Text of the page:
LED revolution to light up Birmingham

By on 26/11/2010 in News

A groundbreaking programme to replace more than 95,000 street lights in Birmingham with state-of-the-art Light Emitting Diode (LED) technology which will cut carbon emissions and improve safety is to be launched this week.

The cutting edge lights will not only reduce carbon emissions by up to 50% and be brighter than traditional lights, but they will also enable operators to control and adjust their levels remotely according to what is happening in the surrounding area.

The replacement work is being carried out by Birmingham City Council and Amey, one of the UK's leading public service providers, as part of a £2.7 billion Highways Maintenance and Management Service Partnership Contract. This Partnership will see the upgrading and maintenance of the city's road network over the next 25 years.

Cllr Timothy Huxtable, Cabinet Member for Transportation and Regeneration, said: “As well as the significant environmental advantages of this work I have no doubt that the LED street lights will also help to greatly improve the safety, security and the general environment of streets in the city.  Whether it be pedestrians, cyclists, motorists or businesses in the city, the LED and wider Highways programme will play a leading role in improving the quality of life for all and setting this city apart from all others.”

Birmingham currently has more than 95,000 street lights, of which 41,000 will be replaced over the next five years alone.

Mike Notman Project Director at Amey said; “For a project of this scale, the energy savings, carbon reduction and virtual elimination of light pollution are unprecedented. We have been working closely with Birmingham City Council and WRTL to achieve better outcomes for the local people of Birmingham and support the council in meeting their carbon reduction target by 2026.”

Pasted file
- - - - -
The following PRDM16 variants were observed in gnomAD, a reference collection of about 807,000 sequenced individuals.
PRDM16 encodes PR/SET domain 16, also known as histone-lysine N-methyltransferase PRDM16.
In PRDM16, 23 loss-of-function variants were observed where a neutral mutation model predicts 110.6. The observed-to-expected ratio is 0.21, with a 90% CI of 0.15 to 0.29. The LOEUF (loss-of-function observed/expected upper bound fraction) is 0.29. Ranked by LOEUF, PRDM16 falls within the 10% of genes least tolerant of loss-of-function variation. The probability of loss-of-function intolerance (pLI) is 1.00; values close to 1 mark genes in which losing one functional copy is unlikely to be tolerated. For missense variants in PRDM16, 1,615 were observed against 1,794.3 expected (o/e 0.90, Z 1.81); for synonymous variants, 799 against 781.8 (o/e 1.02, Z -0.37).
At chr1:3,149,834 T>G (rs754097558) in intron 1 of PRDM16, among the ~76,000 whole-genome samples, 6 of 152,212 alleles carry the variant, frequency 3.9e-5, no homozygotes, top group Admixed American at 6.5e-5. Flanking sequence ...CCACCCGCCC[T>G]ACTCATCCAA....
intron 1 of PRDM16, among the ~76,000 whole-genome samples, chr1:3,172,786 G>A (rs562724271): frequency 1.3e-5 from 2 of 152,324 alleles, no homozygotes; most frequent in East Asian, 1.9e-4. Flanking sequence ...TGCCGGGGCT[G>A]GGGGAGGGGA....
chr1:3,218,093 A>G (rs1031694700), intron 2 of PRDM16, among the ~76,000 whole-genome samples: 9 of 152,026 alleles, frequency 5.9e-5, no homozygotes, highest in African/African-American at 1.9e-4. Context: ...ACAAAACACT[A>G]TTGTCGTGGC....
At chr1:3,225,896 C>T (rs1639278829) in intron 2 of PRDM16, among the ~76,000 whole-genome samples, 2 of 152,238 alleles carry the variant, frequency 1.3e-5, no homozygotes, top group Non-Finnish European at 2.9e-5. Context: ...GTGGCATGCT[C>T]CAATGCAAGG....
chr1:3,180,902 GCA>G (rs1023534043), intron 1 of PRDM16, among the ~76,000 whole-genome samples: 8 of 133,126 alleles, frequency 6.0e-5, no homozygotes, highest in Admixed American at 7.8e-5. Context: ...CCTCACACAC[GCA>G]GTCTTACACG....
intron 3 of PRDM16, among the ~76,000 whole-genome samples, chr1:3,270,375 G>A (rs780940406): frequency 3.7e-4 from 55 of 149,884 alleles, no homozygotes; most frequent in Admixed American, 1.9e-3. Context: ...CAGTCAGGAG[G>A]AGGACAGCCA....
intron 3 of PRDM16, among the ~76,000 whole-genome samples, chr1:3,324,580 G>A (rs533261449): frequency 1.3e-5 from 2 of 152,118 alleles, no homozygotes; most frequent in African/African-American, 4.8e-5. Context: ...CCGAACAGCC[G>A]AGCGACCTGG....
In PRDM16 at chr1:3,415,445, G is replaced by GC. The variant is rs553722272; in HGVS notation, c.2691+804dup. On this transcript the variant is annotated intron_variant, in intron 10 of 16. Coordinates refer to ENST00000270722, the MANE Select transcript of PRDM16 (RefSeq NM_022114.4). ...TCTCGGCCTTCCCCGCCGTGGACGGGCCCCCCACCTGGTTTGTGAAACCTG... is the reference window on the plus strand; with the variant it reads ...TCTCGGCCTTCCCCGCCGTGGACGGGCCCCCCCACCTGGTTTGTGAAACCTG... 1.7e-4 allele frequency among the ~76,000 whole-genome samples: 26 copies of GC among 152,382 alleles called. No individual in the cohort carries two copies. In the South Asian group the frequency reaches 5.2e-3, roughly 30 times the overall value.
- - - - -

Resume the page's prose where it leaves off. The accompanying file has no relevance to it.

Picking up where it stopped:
The new street lights have a number of advantages over the current street lights that are in place:

  • Residents will feel safer when walking down previously poorly lit streets as the LED lights are brighter, they allow a wider spectrum of colours to be seen and as well as facial features to be distinguished. This is not achievable with traditional lighting, which creates an orange glow and making colours indistinguishable
  • Reduction in energy and carbon emissions by up to 50%
  • Lighting levels on traffic routes will be determined by traffic flow.  Traditionally the road has to be lit to the required standards at peak times and throughout the night. The new technology will allow the varying of light remotely to match traffic conditions
  • The new LED lights direct light downwards reducing light pollution and the 'orange glow' which appears above the city.
  • Amey and the Council are working closely with local company WRTL to ensure that Birmingham has one of the most advanced lighting solutions in the world today.

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